Arriving At A Fair Value Range For APT Shares Based On Any Given Increment In Net Income And Net Cash Inflows -

I provide supporting detail below as follows -

  • A brief description of APT's business.
  • Financial impact on APT of previous viral outbreaks.
  • A review of more recent financial performance.
  • Projections of estimated financial performance for 2020 to 2024, without any COVID-19 impact.
  • APT: 1View∞Scenarios Dashboards 2020 to 2024, projecting rates of return under various scenarios as follows -
  1. Base case - no COVID-19 impact.
  2. A slightly more optimistic Base case - no COVID-19 impact.
  3. A case, at current share price, including assumptions for COVID-19 impact on APT.
  4. A similar case to 3, but based on buying at an APT share price level pre COVID-19, plus an amount equal to incremental net income per share.
  5. A similar case to 3, but based on buying at an APT share price level that will provide a rate of return of ~8% per year through end of 2024.

APT: Investment Thesis Conclusion -

APT shares are possibly fairly priced around $5 per share at present, for a buy and hold investor who is prepared to accept a return of ~8% per year through end of 2024, and who also believes APT will achieve sales of ~$100 million of infection control products over the next 2 years.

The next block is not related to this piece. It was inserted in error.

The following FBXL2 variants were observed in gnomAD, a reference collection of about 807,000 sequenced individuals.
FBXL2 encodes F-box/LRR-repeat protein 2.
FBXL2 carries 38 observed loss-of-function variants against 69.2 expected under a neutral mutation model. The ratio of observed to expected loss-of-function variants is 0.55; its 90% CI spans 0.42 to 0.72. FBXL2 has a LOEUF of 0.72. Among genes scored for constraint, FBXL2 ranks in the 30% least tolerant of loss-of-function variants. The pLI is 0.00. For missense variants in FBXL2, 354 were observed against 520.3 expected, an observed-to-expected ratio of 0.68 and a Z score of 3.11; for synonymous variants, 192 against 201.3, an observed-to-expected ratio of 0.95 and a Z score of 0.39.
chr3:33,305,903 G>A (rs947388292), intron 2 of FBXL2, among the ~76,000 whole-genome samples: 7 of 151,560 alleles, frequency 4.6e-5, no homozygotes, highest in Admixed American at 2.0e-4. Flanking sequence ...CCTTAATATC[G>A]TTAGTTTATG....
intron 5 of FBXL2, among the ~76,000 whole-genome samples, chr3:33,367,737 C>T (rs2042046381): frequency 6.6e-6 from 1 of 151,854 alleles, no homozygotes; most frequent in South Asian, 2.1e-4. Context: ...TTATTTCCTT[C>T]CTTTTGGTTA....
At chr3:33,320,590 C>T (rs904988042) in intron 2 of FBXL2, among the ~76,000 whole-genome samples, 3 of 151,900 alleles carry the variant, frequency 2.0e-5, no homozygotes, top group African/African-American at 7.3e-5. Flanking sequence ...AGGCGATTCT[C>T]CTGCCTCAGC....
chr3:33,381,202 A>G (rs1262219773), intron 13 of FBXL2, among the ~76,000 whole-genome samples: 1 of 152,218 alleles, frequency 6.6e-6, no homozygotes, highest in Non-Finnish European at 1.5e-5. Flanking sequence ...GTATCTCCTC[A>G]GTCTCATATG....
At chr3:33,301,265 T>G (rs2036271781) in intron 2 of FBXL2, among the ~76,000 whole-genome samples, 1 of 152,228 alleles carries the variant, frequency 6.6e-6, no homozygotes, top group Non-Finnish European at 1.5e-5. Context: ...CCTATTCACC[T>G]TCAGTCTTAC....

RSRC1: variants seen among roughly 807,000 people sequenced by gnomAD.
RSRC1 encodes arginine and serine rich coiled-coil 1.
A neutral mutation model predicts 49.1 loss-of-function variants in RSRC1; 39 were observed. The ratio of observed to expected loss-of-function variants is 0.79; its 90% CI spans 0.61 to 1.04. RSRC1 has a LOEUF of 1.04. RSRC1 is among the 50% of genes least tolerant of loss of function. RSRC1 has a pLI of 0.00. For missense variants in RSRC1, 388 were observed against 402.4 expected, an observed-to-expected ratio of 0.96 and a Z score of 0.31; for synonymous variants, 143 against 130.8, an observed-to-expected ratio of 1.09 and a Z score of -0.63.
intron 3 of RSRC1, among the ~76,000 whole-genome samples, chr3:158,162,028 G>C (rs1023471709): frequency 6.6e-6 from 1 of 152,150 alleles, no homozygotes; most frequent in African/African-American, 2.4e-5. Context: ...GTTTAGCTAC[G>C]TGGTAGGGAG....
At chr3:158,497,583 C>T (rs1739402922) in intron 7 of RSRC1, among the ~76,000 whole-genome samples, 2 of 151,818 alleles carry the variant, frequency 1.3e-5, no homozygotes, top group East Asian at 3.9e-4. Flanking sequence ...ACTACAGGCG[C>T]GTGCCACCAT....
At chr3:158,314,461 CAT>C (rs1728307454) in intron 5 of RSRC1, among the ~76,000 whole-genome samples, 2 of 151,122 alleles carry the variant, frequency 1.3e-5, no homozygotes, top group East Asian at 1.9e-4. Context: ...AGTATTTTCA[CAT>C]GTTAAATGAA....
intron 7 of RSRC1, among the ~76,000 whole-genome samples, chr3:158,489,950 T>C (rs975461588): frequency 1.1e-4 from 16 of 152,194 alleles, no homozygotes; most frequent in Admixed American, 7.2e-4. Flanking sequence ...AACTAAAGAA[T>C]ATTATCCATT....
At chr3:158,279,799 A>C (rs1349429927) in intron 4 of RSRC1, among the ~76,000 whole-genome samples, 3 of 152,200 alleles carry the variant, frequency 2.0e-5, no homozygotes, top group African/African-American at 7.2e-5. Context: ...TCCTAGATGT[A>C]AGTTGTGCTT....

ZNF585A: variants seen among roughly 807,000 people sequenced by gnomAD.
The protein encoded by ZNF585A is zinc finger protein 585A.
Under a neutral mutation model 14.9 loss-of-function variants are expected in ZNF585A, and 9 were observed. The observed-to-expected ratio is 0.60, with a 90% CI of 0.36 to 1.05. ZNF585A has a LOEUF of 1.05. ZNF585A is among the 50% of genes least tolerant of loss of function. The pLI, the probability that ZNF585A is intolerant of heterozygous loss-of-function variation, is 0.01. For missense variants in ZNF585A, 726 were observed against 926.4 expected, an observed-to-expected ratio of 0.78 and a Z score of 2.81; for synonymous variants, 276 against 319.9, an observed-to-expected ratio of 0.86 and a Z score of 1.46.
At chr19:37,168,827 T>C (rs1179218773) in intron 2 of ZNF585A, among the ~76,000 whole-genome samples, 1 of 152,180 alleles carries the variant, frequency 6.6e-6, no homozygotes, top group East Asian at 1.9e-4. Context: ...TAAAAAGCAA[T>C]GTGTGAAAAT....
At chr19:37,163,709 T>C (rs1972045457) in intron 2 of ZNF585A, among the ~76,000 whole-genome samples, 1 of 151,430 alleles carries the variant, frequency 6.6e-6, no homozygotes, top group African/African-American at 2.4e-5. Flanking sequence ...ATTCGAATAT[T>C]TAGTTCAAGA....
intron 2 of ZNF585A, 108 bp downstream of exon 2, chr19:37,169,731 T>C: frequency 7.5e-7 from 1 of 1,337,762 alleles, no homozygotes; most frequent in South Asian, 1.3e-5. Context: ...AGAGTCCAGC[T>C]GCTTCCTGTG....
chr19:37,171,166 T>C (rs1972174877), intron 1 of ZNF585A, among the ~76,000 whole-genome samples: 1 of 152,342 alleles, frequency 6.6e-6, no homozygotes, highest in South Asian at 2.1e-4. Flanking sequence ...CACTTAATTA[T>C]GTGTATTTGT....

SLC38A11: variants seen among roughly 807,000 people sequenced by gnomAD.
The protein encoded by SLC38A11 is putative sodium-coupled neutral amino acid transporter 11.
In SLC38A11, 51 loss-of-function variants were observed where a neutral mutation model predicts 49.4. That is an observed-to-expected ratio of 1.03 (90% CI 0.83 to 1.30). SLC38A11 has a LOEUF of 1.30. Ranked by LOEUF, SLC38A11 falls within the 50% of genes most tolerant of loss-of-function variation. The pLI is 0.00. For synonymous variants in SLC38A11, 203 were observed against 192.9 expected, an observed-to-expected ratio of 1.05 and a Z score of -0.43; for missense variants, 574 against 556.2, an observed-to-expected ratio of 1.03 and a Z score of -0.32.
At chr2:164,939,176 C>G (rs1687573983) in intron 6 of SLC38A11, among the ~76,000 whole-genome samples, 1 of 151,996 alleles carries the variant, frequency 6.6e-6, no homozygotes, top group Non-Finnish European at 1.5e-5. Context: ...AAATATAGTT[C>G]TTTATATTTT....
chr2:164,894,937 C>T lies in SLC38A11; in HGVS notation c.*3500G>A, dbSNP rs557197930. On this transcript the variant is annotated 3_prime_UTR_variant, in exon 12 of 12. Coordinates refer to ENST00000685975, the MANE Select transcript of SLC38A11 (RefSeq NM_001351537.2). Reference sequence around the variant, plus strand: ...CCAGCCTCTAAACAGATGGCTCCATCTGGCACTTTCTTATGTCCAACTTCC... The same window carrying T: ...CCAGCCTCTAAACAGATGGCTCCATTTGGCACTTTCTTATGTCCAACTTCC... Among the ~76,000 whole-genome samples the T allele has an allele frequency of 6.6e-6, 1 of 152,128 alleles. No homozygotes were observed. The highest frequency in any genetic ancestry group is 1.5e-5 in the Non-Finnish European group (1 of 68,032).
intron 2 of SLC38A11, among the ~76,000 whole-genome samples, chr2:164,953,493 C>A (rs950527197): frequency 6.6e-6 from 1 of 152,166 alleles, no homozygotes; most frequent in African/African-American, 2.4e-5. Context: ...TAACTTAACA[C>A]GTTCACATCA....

Anyone who pays more than ~$5.00 per share is likely either unwittingly paying too much, or is otherwise buying to sell at a higher price in accordance with the "Greater Fool" theory. Good luck to the winners and commiserations to the losers. Incidentally, the CEO of APT sold 456,667 shares on Feb. 28, 2020 at an average $34.29, so it is comforting to know the company certainly does not have a fool for a CEO (see here).

About Alpha Pro Tech

As per Alpha Pro Tech's FY2019 10-K filings, products are currently grouped into two business segments:

(1) the Building Supply segment, consisting of construction weatherization products, such as housewrap and synthetic roof underlayment as well as other woven material; and

(2) the Disposable Protective Apparel segment, consisting of disposable protective garments (including shoecovers, bouffant caps, coveralls, gowns, frocks and lab coats), face masks and face shields.

For the financial information presented in this report, I have used the previous segmentation, which, up to and including FY 2018, reported face masks and face shields separately under Infection Control segment. I have done this to facilitate projections of the impact of increased sales of these items due to COVID-19 related demand. Figure 1 below is a snapshot of an ad on Amazon on Feb. 26, 2020.

Figure 1